LXD is a next generation system container and virtual machine manager. Debian packages LTS releases of LXD, beginning with bookworm.
Supported versions of LXD
LXD (upstream) has the following releases:
In Debian release
Installing on Debian is as simple as installing the lxd package:
sudo apt install lxd
After installing, you must perform an initial configuration for LXD:
sudo lxd init
LXD's default bridge networking requires the dnsmasq-base package to be installed. If you chose to install LXD without its recommended packages and intend to use the default bridge, you must first install dnsmasq-base for networking to work correctly.
If you wish to allow non-root users to interact with LXD via the local Unix socket, you must add them to the lxd group:
sudo usermod -aG lxd <username>
From the upstream documentation, be aware that local access to LXD through the Unix socket always grants full access to LXD. This includes the ability to attach file system paths or devices to any instance as well as tweak the security features on any instance. Therefore, you should only give access to users who would be trusted with root access to the host.
Both systemd and SysV init scripts are provided, but the SysV scripts aren't as well-tested as the systemd ones. Bug reports and patches are welcome to improve the LXD experience on non-systemd installs.
When installing LXD on a non-systemd host, you must ensure that a cgroup v2 hierarchy is mounted prior to starting LXD. One possible way to do this is to add a line like the following to your /etc/fstab:
cgroup2 /sys/fs/cgroup cgroup2 rw,nosuid,nodev,noexec 0 0
LXD supports several storage backends. When installing, LXD will suggest the necessary packages to enable all storage backends, but in brief:
btrfs requires the btrfs-progs package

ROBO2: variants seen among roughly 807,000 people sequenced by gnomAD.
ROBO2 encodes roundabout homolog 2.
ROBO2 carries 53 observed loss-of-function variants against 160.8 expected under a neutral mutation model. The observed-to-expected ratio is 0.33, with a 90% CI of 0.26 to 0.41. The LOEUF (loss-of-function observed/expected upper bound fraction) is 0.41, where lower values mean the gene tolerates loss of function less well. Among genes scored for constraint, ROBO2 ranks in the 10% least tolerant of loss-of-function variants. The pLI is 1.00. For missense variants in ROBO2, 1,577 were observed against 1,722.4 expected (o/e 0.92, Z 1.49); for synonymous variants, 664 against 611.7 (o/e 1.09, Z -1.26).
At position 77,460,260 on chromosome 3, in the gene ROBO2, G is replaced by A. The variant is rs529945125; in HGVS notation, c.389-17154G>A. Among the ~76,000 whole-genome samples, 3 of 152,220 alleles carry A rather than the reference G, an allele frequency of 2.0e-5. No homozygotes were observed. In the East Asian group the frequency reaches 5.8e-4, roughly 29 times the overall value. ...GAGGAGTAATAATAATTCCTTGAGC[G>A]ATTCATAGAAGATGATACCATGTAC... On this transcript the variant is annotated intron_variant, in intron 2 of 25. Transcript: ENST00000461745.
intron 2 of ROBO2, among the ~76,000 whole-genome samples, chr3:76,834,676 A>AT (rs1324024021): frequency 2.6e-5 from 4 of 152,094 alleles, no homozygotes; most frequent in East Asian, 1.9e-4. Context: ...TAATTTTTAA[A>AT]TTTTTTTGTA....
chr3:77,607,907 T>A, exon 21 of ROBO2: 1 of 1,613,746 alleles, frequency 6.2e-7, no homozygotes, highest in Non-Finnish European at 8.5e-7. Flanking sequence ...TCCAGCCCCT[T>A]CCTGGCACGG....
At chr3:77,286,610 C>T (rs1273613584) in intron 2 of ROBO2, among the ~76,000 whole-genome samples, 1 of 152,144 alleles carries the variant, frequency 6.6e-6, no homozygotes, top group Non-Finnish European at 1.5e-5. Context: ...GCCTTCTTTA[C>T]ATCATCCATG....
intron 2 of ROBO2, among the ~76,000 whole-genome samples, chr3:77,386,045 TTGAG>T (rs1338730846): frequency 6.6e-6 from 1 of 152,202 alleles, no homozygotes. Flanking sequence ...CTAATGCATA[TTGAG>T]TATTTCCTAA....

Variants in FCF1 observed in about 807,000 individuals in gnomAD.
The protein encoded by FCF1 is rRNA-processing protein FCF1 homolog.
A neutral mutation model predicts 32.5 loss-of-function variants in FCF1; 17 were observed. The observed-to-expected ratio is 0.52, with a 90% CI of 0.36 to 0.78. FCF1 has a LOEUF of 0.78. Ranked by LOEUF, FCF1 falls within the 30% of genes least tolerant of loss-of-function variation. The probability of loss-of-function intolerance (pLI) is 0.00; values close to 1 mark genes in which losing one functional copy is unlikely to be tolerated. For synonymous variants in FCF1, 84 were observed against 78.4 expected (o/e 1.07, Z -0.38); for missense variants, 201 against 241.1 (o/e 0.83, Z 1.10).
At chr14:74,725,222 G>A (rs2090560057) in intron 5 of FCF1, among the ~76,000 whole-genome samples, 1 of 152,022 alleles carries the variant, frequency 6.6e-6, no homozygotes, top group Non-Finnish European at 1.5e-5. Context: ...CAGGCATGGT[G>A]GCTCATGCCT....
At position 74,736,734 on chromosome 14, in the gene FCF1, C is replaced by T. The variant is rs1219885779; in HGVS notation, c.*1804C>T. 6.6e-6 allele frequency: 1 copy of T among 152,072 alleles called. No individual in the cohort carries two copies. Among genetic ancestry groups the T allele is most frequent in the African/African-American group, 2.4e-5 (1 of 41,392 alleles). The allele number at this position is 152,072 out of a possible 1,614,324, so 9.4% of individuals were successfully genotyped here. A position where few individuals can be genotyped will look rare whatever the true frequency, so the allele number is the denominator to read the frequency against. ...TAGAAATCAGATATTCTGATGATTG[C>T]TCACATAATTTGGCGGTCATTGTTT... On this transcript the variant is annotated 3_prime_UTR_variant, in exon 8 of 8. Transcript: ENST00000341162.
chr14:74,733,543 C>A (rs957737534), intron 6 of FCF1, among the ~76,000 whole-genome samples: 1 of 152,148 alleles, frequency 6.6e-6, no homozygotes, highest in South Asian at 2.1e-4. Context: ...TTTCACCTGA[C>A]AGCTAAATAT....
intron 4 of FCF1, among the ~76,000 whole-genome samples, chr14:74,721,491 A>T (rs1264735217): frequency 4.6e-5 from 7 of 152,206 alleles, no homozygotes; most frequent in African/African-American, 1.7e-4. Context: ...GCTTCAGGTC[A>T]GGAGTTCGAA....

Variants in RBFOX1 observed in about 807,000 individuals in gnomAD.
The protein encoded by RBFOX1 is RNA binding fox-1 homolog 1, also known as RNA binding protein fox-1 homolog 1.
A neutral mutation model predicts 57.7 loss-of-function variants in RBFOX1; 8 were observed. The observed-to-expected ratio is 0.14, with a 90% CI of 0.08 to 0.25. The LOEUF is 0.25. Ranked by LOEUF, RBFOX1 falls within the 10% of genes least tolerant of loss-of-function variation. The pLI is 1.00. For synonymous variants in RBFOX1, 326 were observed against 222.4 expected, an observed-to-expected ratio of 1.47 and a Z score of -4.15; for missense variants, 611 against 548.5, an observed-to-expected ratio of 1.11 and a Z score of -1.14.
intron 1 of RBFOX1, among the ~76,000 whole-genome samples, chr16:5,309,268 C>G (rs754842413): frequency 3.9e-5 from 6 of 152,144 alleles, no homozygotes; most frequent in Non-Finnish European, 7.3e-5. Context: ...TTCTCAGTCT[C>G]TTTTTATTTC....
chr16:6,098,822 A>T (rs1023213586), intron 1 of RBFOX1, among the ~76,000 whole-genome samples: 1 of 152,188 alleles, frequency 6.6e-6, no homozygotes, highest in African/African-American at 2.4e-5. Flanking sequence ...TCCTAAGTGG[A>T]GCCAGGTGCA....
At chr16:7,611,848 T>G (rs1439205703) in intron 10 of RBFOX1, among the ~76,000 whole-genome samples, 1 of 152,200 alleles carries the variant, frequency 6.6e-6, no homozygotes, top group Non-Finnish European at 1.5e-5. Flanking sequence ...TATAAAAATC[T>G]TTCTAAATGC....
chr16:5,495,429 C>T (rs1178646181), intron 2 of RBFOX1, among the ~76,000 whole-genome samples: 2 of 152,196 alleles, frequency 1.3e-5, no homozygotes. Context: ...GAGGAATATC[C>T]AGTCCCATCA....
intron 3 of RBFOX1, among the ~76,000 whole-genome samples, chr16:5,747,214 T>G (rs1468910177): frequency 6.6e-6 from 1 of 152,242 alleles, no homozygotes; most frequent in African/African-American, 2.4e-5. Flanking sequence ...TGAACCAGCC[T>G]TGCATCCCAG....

ceph/cephfs require the ceph-common package
lvm requires the lvm2 package
zfs requires the zfsutils-linux package
After installing one or more of those additional packages, be sure to restart the LXD service so it picks up the additional storage backend(s).
LXD optionally can create virtual machine instances utilizing QEMU. To enable this capability, on the host system install the desired qemu-system-<arch> package(s) and the lxd-agent package. Then, restart the LXD service. You will now be able to create virtual machine instances by passing the --vm flag in your creation command.
- Running LXD and Docker on the same host can cause connectivity issues. A common reason for these issues is that Docker sets the FORWARD policy to DROP, which prevents LXD from forwarding traffic and thus causes the instances to lose network connectivity. There are two different ways you can fix this:
As outlined in bug 865975, message 91, you can add net.ipv4.ip_forward=1 to /etc/sysctl.conf which will create a FORWARD policy that docker can use. Docker then won't set the FORWARD chain to DROP when it starts up.
Alternately, you can use the following command to explicitly allow network traffic from your network bridge to your external network interface: iptables -I DOCKER-USER -i <network_bridge> -o <external_interface> -j ACCEPT (from the upstream LXD documentation)
If the apparmor package is not installed on the host system, containers will fail to start unless their configuration is modified to include lxc.apparmor.profile=unconfined; this has been reported upstream at https://github.com/lxc/lxc/issues/4150.
As of September 26, 2023, the 6.1 LTS kernel tree shipped in bookworm has an apparmor bug that prevents some systemd services which use features like PrivateNetwork=yes from starting. This was fixed in the 6.2 kernel release, but hasn't yet been backported to the 6.1 tree. Current workarounds include installing a newer kernel from bookworm-backports, modifying systemd service definitions within the container, or disabling apparmor protections for the container. Bugs: 1050256, 1038315, 1042880, and 1052934.
Incus - Linux containers community fork of LXD